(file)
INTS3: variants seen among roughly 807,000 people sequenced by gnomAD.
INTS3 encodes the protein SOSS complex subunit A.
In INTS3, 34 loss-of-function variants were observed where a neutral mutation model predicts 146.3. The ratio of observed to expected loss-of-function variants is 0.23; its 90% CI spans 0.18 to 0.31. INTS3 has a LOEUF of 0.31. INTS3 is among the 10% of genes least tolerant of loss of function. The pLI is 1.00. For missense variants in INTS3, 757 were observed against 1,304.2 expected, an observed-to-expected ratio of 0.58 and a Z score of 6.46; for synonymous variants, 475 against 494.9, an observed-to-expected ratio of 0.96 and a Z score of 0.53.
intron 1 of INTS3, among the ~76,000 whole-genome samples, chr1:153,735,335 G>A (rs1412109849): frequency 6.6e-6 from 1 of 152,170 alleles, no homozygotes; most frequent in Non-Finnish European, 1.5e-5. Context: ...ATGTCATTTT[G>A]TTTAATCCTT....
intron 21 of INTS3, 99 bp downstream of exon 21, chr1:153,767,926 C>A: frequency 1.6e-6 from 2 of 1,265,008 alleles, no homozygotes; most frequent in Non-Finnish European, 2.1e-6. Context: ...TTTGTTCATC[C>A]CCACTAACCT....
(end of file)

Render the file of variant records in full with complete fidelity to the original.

INTS3: variants seen among roughly 807,000 people sequenced by gnomAD.
INTS3 encodes the protein SOSS complex subunit A.
In INTS3, 34 loss-of-function variants were observed where a neutral mutation model predicts 146.3. The ratio of observed to expected loss-of-function variants is 0.23; its 90% CI spans 0.18 to 0.31. INTS3 has a LOEUF of 0.31. INTS3 is among the 10% of genes least tolerant of loss of function. The pLI is 1.00. For missense variants in INTS3, 757 were observed against 1,304.2 expected, an observed-to-expected ratio of 0.58 and a Z score of 6.46; for synonymous variants, 475 against 494.9, an observed-to-expected ratio of 0.96 and a Z score of 0.53.
intron 1 of INTS3, among the ~76,000 whole-genome samples, chr1:153,735,335 G>A (rs1412109849): frequency 6.6e-6 from 1 of 152,170 alleles, no homozygotes; most frequent in Non-Finnish European, 1.5e-5. Context: ...ATGTCATTTT[G>A]TTTAATCCTT....
intron 21 of INTS3, 99 bp downstream of exon 21, chr1:153,767,926 C>A: frequency 1.6e-6 from 2 of 1,265,008 alleles, no homozygotes; most frequent in Non-Finnish European, 2.1e-6. Context: ...TTTGTTCATC[C>A]CCACTAACCT....